Wire coral spiralling into the depths
Malcolm Ross
Age Group:
Over 18s
Solomon Islands
Nature’s Assets
Camera Used:
Nikonos RS, 18mm lens, 2 x Nikonos S-104 strobes
Image caption:

This coiling wire coral is a colony of hundreds of thousands of animals – coral polyps, each a clone of the original polyp that years earlier attached to a rare spot of bare reef. The polyps are protected by a rock-like skeleton. The colour is algae that grows inside each polyp’s body. So coral is an enigma – animal (polyp), vegetable (algae) and mineral (skeleton).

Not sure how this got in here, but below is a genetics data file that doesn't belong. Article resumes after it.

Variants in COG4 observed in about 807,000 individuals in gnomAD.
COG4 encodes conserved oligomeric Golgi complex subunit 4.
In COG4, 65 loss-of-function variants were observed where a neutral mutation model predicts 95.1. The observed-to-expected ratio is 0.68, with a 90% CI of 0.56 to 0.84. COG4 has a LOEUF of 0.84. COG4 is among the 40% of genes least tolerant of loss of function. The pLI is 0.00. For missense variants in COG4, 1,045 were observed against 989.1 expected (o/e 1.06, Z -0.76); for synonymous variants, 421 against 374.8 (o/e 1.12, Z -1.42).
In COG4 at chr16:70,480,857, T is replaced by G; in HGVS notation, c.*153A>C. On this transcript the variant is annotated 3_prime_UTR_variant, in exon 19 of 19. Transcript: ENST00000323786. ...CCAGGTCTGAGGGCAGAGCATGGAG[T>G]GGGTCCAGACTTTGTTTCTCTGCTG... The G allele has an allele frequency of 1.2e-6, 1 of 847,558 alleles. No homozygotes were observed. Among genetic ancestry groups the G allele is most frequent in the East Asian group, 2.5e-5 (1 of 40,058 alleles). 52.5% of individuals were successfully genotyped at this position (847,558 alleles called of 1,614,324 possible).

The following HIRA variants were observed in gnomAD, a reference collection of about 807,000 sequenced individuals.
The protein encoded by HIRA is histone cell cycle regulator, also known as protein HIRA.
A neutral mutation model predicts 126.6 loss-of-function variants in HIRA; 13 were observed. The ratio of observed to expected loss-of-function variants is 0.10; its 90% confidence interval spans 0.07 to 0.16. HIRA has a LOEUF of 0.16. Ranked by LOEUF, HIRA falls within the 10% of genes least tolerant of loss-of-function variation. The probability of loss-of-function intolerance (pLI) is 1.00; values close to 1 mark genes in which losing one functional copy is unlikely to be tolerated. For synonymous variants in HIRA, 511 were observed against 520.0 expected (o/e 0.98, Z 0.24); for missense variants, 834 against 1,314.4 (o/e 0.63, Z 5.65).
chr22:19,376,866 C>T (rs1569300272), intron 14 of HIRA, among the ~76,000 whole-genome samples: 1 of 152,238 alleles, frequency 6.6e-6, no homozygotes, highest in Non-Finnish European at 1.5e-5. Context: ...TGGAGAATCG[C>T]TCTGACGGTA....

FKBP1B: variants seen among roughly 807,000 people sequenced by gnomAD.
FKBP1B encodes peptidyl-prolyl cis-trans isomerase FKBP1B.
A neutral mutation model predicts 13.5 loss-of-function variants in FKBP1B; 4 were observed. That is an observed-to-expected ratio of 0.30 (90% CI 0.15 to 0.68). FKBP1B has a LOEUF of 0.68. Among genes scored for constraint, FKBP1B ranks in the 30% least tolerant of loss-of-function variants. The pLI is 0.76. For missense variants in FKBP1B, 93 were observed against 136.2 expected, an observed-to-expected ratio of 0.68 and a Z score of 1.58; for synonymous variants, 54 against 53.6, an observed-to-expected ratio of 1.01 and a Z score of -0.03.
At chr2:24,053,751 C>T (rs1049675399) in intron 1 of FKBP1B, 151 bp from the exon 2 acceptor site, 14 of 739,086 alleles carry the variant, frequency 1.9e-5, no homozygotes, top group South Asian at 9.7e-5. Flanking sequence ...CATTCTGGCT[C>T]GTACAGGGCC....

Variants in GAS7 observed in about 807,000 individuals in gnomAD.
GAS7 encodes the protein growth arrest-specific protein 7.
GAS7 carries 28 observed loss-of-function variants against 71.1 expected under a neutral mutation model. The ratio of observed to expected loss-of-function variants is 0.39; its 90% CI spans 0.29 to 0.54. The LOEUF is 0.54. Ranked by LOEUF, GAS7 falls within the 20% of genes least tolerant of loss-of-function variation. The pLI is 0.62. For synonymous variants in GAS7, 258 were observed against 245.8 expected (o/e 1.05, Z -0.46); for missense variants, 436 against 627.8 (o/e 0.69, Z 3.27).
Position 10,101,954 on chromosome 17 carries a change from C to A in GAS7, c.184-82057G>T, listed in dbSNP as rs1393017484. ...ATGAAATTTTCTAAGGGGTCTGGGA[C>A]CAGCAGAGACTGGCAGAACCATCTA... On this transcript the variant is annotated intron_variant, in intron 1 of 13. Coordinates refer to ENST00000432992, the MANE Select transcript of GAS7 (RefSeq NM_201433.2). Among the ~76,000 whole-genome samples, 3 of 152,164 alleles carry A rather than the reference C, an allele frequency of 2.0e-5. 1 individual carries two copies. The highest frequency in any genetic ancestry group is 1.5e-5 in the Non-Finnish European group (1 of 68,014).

The colony has no hierarchy or leader – it is self-regulating. The skeleton is porous so the polyps can communicate and share food – a networked peer-to-peer community. It stretches out several metres from the reef wall into strong currents. There a polyp has two sources of food. It filters plankton out of the passing currents. The embedded algae uses the sun’s energy to photosynthesise sugars directly into the body of the polyp. So coral permanently capturers green-house gas (CO2) turning it into their skeletons – building up the unburnable rock that makes up a coral reef (unlike trees that become tomorrow’s fossil fuels)

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